- The Washington Times - Friday, January 9, 2009

Businesses planning to stay open on Inauguration Day met Thursday with federal and D.C. police officials to discuss how to get employees to work.

The hundreds who attended were told by the FBI and Metropolitan Police Department they must devise plans to avoid the many restrictions in the city that day.

“It behooves us to be prepared for anything and everything,” said Barbara Lang, president of the D.C. Chamber of Commerce.

An estimated 1 million to 2 million people are expected to attend the inauguration, city Police Chief Cathy L. Lanier said. She also said the list of street and bridge closings announced Wednesday could evolve.

“All the way through this entire event, information will change rapidly,” she said. “Everything is subject to change.”

Some hotels and catering companies are providing cots for their workers. But others will have to navigate a dicey commute by car or Metro.

“I think it’s going to be absolute gridlock,” said Lucia Franks, who works at a research company in Southwest.

Officials with the Greater Washington Board of Trade said businesses also should devise comprehensive plans for the entire inauguration week — from Jan. 16 to 23.

Officials also repeatedly said to check online for logistical updates.

Chauncey Dunham, director of operations of the District Heights-based First Priority Trailways, said the company is developing plans for its 22 charter buses, but informing drivers about traffic patterns and road closures will be difficult.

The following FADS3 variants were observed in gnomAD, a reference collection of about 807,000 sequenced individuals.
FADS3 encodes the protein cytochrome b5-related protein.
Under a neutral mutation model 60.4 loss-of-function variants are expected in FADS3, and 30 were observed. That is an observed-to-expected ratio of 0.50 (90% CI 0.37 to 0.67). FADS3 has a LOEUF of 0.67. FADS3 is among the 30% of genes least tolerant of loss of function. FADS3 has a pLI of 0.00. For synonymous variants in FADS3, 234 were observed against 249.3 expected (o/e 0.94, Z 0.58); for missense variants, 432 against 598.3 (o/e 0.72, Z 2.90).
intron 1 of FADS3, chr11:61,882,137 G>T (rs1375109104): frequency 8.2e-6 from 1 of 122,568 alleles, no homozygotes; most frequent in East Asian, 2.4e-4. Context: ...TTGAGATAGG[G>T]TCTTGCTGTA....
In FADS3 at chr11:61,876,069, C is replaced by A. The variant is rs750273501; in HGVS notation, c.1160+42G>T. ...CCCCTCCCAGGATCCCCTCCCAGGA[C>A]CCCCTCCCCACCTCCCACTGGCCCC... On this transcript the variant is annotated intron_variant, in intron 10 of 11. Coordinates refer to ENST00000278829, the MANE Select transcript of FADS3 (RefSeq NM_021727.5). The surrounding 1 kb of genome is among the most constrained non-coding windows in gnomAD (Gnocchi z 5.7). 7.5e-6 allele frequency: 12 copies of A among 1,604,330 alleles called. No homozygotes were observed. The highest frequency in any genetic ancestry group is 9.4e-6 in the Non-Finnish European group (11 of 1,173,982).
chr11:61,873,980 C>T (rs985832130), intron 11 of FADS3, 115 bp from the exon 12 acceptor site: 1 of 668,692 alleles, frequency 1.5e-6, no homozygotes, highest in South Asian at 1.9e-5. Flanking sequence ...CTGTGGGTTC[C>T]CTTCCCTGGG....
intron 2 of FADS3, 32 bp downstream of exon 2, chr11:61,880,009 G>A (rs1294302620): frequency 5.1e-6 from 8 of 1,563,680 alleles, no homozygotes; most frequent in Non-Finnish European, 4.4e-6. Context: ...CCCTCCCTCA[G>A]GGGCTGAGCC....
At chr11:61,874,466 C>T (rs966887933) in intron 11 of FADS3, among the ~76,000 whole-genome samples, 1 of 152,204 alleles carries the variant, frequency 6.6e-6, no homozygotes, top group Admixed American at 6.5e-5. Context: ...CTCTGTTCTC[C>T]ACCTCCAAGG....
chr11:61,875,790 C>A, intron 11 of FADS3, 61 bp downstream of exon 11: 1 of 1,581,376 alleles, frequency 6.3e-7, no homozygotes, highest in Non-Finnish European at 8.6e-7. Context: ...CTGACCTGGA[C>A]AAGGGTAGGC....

“Can you drive and go to a Web site?” he asked.

Businesses also have to work around delivery restrictions. Starting midnight Jan. 18, deliveries in restricted areas in the city will not be allowed.

Gordon Howard, area vice president of CVS, said stores that will be open for the inauguration are stocking inventory because large trucks won’t be allowed in most areas.

Some businesses also are concerned about possible protesters and vandalism.

Officials said only a few groups have applied for permits and they don’t expect problems.

There are three designated free speech zones: John Marshall Memorial Park, the U.S. Navy Memorial and Freedom Plaza.

Businesses will notice an increased police presence starting Jan. 16, when officers will go on 12-hour shifts, Chief Lanier said. There will be more officers on foot, bikes and motorcycles.

In addition, 10,000 National Guardsmen will be on duty on Inauguration Day across the region.

FBI officials provided business leaders with a detailed account of how terrorists carried out the Mumbai attacks in November.

There is no specific threat for the inauguration, but officials said they wanted businesses to see how to better manage their operations. For example, hospitality companies should do basic background checks on temporary hires, they said.

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